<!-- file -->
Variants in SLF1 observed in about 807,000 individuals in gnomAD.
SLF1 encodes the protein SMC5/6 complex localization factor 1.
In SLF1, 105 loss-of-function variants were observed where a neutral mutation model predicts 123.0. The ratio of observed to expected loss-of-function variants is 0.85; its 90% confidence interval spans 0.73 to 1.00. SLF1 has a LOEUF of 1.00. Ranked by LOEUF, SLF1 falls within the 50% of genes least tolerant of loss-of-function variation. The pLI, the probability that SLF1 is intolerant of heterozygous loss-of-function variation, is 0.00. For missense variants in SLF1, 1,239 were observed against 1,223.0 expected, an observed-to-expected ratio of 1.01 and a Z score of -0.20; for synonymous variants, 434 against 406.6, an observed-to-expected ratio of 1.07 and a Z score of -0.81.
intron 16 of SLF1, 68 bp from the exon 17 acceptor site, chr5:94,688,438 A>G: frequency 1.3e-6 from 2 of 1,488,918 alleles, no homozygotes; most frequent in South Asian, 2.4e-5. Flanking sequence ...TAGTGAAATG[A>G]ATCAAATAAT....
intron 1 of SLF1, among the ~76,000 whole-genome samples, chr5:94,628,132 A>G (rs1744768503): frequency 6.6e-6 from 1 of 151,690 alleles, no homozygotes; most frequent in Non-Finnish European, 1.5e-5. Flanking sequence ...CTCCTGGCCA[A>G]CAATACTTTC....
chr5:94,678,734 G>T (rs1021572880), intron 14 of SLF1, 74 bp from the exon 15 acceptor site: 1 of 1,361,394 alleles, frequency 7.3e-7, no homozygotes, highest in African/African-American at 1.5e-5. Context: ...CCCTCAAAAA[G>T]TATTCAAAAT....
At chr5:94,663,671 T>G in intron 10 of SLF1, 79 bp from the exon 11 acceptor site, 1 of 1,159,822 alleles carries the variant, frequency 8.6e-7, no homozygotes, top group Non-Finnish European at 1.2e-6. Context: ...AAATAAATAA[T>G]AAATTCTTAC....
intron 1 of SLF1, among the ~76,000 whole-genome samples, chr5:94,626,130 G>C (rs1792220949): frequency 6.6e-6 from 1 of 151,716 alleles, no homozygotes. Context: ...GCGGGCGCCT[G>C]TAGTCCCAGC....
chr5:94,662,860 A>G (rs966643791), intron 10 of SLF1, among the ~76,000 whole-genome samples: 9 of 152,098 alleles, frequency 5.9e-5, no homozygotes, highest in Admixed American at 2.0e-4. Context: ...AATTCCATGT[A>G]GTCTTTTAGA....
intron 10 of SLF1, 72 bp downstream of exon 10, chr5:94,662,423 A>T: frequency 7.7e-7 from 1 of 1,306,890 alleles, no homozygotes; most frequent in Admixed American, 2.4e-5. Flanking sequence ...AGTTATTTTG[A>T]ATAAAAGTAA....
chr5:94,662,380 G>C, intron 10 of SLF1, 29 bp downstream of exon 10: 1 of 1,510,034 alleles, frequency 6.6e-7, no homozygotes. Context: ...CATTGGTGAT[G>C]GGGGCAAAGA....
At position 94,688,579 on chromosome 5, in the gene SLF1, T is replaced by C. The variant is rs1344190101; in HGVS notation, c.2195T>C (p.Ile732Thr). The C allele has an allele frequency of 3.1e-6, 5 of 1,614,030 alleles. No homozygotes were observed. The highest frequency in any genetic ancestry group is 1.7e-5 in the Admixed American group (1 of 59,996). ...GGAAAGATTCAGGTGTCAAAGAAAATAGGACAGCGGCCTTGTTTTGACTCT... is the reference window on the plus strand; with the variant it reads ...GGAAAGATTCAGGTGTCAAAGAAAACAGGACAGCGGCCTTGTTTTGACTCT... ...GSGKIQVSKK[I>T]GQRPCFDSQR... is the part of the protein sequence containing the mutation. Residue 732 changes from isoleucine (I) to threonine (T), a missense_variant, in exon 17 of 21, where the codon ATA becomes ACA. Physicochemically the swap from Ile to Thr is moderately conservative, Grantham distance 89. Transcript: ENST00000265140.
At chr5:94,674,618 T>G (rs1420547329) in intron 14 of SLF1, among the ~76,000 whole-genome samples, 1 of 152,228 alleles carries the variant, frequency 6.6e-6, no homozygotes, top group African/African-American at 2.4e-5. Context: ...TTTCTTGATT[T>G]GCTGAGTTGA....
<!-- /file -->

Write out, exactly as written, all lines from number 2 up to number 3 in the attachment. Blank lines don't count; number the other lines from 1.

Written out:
SLF1 encodes the protein SMC5/6 complex localization factor 1.
In SLF1, 105 loss-of-function variants were observed where a neutral mutation model predicts 123.0. The ratio of observed to expected loss-of-function variants is 0.85; its 90% confidence interval spans 0.73 to 1.00. SLF1 has a LOEUF of 1.00. Ranked by LOEUF, SLF1 falls within the 50% of genes least tolerant of loss-of-function variation. The pLI, the probability that SLF1 is intolerant of heterozygous loss-of-function variation, is 0.00. For missense variants in SLF1, 1,239 were observed against 1,223.0 expected, an observed-to-expected ratio of 1.01 and a Z score of -0.20; for synonymous variants, 434 against 406.6, an observed-to-expected ratio of 1.07 and a Z score of -0.81.